For many people, their house is will be the most expensive thing that they own. So, it is important that if you are planning on selling it, you manage to get the most that you can from it. The housing market is a fickle market and there are generally two factors that would usually determine the value that you can get for your property – what you are actually offering and how much the potential buyers want your property. Find out some ways to increase the value of your property in 2020.
When you are selling a house, you are selling a dream and it is important to bear this in mind when you put it on the market. Some ways to increase the value of your property in 2020 include:
1. Extra Space
Offering extra space will always be able to add value to your property. Converting a loft or cellar, for example, can help, or purchasing a storage container and converting it into an outside office, playroom or even granny annex can be a cost-effective way to add value to your home.
Creating an extra bedroom, office or more living space means that it can be more appealing to more people – as well as potentially add a little extra personality to your home.
2. Get Eco-Friendly
Projections show that the importance of having a home that is eco-friendly is becoming increasingly important to people. Most of us want to be seen to be doing our bit – but few are keen to do the work that is needed. Running an eco-friendly home isn’t too different from running a non-eco-friendly home as most of what can be done is in energy-saving measures.
Energy-saving initiatives such as cavity wall or loft insulation, adding solar panels, double or triple glazing, a new boiler or the installation of a smart thermostat can be effective in making your home friendlier for the environment, as well as cutting down energy bills – two things which can be very attractive for potential buyers.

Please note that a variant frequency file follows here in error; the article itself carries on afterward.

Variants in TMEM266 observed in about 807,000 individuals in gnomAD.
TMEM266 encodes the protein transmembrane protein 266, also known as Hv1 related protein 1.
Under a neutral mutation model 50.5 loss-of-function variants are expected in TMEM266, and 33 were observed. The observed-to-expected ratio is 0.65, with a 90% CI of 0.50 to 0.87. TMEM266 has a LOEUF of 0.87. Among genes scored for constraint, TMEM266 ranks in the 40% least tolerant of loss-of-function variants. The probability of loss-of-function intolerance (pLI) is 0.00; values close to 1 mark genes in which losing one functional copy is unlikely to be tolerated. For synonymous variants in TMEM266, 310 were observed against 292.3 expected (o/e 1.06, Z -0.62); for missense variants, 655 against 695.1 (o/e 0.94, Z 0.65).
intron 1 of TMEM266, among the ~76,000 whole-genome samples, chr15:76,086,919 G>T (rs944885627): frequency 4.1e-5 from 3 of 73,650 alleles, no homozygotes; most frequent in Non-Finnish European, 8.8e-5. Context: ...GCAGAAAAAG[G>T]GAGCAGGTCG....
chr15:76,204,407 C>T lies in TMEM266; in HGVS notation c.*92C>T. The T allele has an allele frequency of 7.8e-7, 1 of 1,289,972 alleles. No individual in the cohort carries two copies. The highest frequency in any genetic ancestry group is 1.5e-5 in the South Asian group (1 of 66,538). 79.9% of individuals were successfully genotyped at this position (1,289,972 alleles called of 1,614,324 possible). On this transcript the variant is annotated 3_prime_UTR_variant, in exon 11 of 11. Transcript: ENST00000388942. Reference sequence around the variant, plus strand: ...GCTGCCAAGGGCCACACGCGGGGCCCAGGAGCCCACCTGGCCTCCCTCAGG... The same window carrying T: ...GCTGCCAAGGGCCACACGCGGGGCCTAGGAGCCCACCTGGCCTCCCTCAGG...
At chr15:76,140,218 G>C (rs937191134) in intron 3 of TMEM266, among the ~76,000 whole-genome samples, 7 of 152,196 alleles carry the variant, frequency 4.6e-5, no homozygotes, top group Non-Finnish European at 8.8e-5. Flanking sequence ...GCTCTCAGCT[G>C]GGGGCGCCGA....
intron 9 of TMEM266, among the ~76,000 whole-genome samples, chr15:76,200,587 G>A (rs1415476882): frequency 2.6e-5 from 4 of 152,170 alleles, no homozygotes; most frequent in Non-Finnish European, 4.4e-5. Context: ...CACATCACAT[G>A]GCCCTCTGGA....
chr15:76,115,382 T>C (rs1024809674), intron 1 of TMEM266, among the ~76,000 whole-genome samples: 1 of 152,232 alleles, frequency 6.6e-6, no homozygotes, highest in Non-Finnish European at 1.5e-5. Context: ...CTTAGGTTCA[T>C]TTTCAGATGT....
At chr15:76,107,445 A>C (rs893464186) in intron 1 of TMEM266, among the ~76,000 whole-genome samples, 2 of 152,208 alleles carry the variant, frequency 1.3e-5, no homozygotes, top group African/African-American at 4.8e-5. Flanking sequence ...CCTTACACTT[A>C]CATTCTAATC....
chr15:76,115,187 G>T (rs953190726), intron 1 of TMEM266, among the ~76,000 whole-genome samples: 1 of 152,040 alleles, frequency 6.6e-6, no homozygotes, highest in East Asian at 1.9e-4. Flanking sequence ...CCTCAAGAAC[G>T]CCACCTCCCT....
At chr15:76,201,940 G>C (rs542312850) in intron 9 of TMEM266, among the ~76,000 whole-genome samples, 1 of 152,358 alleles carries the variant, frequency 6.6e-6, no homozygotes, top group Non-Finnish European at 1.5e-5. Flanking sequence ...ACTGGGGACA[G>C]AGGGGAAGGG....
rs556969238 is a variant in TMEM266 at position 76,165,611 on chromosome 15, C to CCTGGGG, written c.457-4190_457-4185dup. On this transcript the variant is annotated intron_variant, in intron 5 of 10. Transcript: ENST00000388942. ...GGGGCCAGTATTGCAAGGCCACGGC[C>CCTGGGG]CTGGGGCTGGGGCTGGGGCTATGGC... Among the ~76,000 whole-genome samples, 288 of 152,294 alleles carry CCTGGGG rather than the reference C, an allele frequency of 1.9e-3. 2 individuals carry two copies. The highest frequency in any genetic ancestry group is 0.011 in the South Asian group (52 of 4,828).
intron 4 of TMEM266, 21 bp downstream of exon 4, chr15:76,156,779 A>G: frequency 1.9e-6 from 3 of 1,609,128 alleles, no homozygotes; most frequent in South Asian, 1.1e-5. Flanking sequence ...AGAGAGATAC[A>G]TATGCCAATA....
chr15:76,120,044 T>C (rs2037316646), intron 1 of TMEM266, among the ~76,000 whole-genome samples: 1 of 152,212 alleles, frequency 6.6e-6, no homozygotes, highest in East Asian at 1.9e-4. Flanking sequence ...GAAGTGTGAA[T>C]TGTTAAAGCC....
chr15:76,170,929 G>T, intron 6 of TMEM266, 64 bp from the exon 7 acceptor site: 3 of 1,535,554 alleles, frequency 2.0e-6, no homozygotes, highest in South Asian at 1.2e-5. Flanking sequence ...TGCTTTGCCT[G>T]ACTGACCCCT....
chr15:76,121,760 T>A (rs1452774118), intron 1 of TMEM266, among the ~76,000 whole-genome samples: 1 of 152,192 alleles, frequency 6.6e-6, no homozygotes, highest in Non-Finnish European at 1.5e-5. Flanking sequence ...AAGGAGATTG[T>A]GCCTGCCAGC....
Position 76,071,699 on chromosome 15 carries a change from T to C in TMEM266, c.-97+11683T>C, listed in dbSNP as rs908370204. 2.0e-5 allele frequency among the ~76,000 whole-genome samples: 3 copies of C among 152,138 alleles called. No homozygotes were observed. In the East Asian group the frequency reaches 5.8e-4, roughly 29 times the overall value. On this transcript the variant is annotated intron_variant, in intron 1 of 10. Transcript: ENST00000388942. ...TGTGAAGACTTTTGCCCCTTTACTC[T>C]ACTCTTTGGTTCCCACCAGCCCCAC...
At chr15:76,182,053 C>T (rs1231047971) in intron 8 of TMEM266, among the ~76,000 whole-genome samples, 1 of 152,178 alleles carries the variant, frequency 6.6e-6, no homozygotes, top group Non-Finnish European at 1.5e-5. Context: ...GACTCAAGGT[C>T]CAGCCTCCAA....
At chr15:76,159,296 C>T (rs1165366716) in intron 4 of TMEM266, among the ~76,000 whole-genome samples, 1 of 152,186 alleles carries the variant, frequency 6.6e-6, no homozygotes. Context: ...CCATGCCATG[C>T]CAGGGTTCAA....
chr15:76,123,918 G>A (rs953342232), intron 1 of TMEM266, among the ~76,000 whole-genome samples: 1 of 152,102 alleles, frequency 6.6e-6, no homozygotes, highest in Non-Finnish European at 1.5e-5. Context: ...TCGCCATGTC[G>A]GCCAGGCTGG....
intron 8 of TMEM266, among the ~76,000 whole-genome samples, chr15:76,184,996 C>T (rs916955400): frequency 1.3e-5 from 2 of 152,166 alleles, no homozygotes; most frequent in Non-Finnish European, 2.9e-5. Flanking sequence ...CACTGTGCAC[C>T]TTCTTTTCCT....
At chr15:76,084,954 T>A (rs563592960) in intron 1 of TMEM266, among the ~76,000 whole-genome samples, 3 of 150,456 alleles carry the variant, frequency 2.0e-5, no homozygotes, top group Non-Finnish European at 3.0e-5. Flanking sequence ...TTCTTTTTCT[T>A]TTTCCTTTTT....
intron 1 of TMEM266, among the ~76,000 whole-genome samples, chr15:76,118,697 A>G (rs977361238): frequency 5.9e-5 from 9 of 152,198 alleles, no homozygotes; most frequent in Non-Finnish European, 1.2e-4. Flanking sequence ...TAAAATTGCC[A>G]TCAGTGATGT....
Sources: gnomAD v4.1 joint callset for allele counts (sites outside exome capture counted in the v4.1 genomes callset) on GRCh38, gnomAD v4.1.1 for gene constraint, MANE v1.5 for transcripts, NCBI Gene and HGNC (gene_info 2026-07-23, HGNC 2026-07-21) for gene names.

3. Repair or Replace
The value that you can add to your property if everything is working properly and looking good is usually more than you would lose if you sold it in bad condition. Of course, there are people who are looking to buy a bargain and ‘do it up’ themselves but you will find that most people would prefer to move into a house which doesn’t require any major work – structural or aesthetic – to be done.
For this reason, ensuring that everything is working properly and in good order can add value to your house and help you to sell the dream to potential customers. This could be as basic as giving the living room a lick of paint or something more major like rewiring your house.
4. First Impressions
It is true when they say that first impressions count and therefore vital that you make a good first impression when you put it on the market. The front outside of your house is important and you want to make people love it at first glance.
You should make sure that your front door looks secure and safe as well as inviting, ensure that your front garden is tidy and maybe add an interesting feature that will make it memorable (for the right reasons).
5. Go Open Plan
Open-plan kitchens and living areas are all the rage at the moment. No longer do people want to be cooped up in the kitchen whilst everybody else is mingling, chatting, doing homework or watching TV. An open plan kitchen sells the dream of having a happy and cohesive family life as well as allowing those doing the kitchen chores to also be sociable. It suggests that you can entertain, enjoy time with your friends and also gives an overall feeling of spaciousness.
If your kitchen and living area aren’t already open-plan it is something that is worth considering as it can add significant value to your property as well as make it a lot more appealing to potential buyers. If you are planning on knocking down walls to create an open-plan space, however, it is important that you talk it through with an architect to ensure that you are not going to put your house at risk structurally, before you get the sledgehammer out.
When it comes to adding value to your property there are many things that can be done. It is important to weigh up the cost of what you are doing compared to what value can be added, but in the long run, you will generally find that you need to spend a little money to make money.
Guest blog by Ella Hendrix for Bristol Property Centre, Jan 2020